PC READS’ President, Elissa Aten, shares her thoughts during Dyslexia Awareness Month.
PC READS and The Hall Family Foundation are hosting Barbara Wilson in Park City! While here, she will meet with teachers, parents and provide a community presentation on “Navigating Reading Success.”
EXCERPT FROM ARTICLE: One in five students has a language-based learning disability, and the most common, by far, is dyslexia, Aten said. Those who attend the event will learn about the reading program teachers in Park City schools have adopted, which helps all students learn to read with multi-sensory methods, especially those suffering with dyslexia. The plan is to eventually include all third-graders as well – it is currently being taught to third-graders at McPolin – and to feature a structured support system for dyslexic students who need extra assistance.
PC READS is proud to be collaborating with the Park City School District, the Park City Education Foundation and The Hall Family Fund on a Dyslexia Initiative which includes implementing Wilson Fundations in our elementary schools. What a wonderful example of a public/private partnership to benefit our students!
“Reading is an essential life skill that is not always easy to learn. The Park City School District recognized that, and with help from the local nonprofit PC READS and donors, it began a new reading program for teachers to help all students learning to read.”
October is Dyslexia Awareness Month and Reading Horizons is hosting a FREE Online Dyslexia Summit on Thursday, October 12, 2017. Excellent information will be delivered! Register to watch on the 12th or receive a link to watch at a later date.
Register today here.
This chart from Understood provides a good overview for understanding the differences between a private, clinical diagnosis and a school’s educational evaluation results.
Excellent audio documentary about dyslexia – including history (have you heard about the “Reading Wars?”), advocacy work and personal stories. Definitely worth an hour of your time! Please share widely.
“There are proven ways to help people with dyslexia learn to read, and a federal law that’s supposed to ensure schools provide kids with help. But across the country, public schools are denying children proper treatment and often failing to identify them with dyslexia in the first place.”
School begins on August 24th here in Park City! The first item on this list is critical: “Open the Lines of Communication: Reach out and introduce yourself, your child, and your circumstances to your child’s new teachers and administrators early on. Give the teacher the benefit of the doubt that his love for teaching is genuine. This goes a long way to build trust.”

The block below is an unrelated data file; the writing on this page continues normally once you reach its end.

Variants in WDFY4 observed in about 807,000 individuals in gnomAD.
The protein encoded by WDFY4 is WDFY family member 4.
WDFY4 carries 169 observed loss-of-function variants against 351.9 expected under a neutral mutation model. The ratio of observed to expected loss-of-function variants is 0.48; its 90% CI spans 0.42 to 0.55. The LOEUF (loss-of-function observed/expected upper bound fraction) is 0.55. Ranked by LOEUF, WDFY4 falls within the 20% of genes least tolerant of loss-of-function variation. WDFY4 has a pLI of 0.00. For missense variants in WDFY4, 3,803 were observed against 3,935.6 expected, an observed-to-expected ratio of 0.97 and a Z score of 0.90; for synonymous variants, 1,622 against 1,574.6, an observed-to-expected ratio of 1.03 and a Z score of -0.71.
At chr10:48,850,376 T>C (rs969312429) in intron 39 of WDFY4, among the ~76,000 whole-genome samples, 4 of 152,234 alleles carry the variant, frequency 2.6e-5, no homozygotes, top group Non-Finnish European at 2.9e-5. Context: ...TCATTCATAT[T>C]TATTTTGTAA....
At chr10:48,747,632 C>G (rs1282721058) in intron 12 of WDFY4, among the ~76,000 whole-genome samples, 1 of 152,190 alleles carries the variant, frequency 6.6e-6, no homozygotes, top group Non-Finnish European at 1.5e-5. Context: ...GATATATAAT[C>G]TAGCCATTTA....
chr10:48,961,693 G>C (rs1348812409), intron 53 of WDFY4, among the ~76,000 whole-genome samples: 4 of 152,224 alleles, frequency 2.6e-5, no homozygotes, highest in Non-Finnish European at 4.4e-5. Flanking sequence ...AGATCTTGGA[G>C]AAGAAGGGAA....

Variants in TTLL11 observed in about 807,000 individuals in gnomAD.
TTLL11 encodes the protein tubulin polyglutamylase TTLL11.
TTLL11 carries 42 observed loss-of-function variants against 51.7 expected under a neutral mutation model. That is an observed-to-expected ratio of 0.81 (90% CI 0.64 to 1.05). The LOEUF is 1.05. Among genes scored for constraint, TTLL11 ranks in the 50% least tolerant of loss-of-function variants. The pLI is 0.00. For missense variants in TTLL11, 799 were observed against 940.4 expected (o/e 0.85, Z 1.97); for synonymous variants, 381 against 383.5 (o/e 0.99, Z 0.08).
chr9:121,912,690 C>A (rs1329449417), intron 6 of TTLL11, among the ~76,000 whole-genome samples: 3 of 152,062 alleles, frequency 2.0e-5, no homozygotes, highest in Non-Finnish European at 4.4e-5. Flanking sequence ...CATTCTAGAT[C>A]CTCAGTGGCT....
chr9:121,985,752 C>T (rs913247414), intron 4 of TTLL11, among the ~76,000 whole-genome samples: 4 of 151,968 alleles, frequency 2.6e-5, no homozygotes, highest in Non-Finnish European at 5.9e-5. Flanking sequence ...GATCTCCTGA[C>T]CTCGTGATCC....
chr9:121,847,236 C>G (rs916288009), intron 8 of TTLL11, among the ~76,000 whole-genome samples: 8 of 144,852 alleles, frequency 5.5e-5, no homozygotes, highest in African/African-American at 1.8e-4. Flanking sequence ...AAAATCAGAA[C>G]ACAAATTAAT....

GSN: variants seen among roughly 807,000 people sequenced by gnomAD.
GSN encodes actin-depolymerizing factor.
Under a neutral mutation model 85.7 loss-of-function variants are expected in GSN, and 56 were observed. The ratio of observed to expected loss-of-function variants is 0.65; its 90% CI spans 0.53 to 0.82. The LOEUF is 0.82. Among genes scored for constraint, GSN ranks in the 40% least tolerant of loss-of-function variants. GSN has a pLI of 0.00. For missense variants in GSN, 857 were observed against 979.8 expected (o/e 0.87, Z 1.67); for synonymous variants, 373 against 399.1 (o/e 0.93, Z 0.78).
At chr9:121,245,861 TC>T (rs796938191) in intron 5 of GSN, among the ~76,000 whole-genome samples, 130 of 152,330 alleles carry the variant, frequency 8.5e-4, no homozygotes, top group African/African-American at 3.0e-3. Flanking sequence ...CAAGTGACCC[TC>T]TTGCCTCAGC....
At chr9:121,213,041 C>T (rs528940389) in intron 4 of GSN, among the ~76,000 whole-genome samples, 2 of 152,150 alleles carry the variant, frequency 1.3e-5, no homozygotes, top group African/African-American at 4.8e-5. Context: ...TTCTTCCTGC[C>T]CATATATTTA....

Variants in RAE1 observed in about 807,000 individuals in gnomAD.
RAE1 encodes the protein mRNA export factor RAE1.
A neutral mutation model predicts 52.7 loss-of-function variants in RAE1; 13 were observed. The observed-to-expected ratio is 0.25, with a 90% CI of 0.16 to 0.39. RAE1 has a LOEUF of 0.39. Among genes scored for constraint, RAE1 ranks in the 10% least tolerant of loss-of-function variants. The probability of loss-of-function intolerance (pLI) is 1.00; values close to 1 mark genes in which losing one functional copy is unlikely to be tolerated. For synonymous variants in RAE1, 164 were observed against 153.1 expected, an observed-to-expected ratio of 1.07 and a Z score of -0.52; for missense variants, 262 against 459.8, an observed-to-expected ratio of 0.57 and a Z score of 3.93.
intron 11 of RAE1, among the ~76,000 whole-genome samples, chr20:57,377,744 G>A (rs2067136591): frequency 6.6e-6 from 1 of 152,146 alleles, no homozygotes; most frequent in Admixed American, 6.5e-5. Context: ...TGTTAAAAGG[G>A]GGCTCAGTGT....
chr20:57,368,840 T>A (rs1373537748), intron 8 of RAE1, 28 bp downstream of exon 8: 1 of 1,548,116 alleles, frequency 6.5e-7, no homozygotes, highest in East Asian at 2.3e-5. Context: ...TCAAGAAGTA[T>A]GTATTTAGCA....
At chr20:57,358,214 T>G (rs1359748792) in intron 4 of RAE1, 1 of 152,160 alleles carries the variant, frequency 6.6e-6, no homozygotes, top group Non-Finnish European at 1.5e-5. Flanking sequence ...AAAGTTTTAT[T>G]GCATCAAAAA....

Kyle Redford’s articles are thoughtful and on point. Continuing to spread awareness about dyslexia is necessary so that all students are able to reach their potential.
EXCERPT: In order to identify dyslexics, teachers have to know the clues. Dyslexics are slow and effortful readers, but they are often the students who demonstrate a sophisticated understanding of content or story. They often have sloppy handwriting and struggle with spelling, but they have amazing ideas. In math, they may be the student who cannot retain their math facts, but readily offer creative ways to solve the problems. They struggle with written tests, but may lead class discussion. Overall, their weak mechanical skills shouldn’t be any indication of their intellectual abilities.
A valuable article about online tutoring and how to best ensure your child receives helpful instruction.
Very thoughtful article which parents are sure to love!
“Dyslexia is ….. ONE part of my child. It’s also a part we embrace, and we hope that in time the world will learn to embrace all of our neuro-diverse brains as well.”
As summer begins and many families have car trips planned, consider checking audiobooks out of your local library for the entire family to enjoy!
“He has become a child that reads. And he is not alone. Several students this year are having incredible reading experiences, kids who have never liked reading, are begging for the next book, begging for time to listen. Yes, listen, because these students are devouring one audio-book after another. Comprehending the words without having to struggle through the decoding. Accessing stories that they have heard their friends talk about. No longer looking at the easier books while they long for something with more substance. Those children are becoming readers with the help of audio-books.”
This article provides a very good overview about foreign languages and dyslexia, as well as specific suggestions to make learning a foreign language successful.
“How successful they are depends on the individual student, the approach taken, and to some degree, the language students choose to learn.”
Digraphs, diphthongs, blends and more! Although some students learn to read easily, many students need to be taught these rules explicitly. And, teaching these rules to all students will improve spelling, too.
This link will open up the assessment report that was completed by the Park City Education Foundation (PCEF) and shared at the PCSD Board Meeting on May 16th. Wilson Fundations was piloted at McPolin Elementary School as part of the Dyslexia Initiative during the 2016-2017 school year. The pilot was very successful and the district will be rolling Wilson Fundations out to all elementary schools in Fall 2017. The Dyslexia Initiative also sent 5 PCSD educators to IMSE Orton-Gillingham training and including Dyslexia Awareness Presentations by PC READS to elementary school staff. Those presentations occurred at McPolin and Trailside and are being planned at Jeremy Ranch and Parleys for this coming year.
Special thanks to the Ty & Karen Hall Foundation for their financial support of the Dyslexia Initiative.
How might dyscalculia affect students on a daily basis? Read on …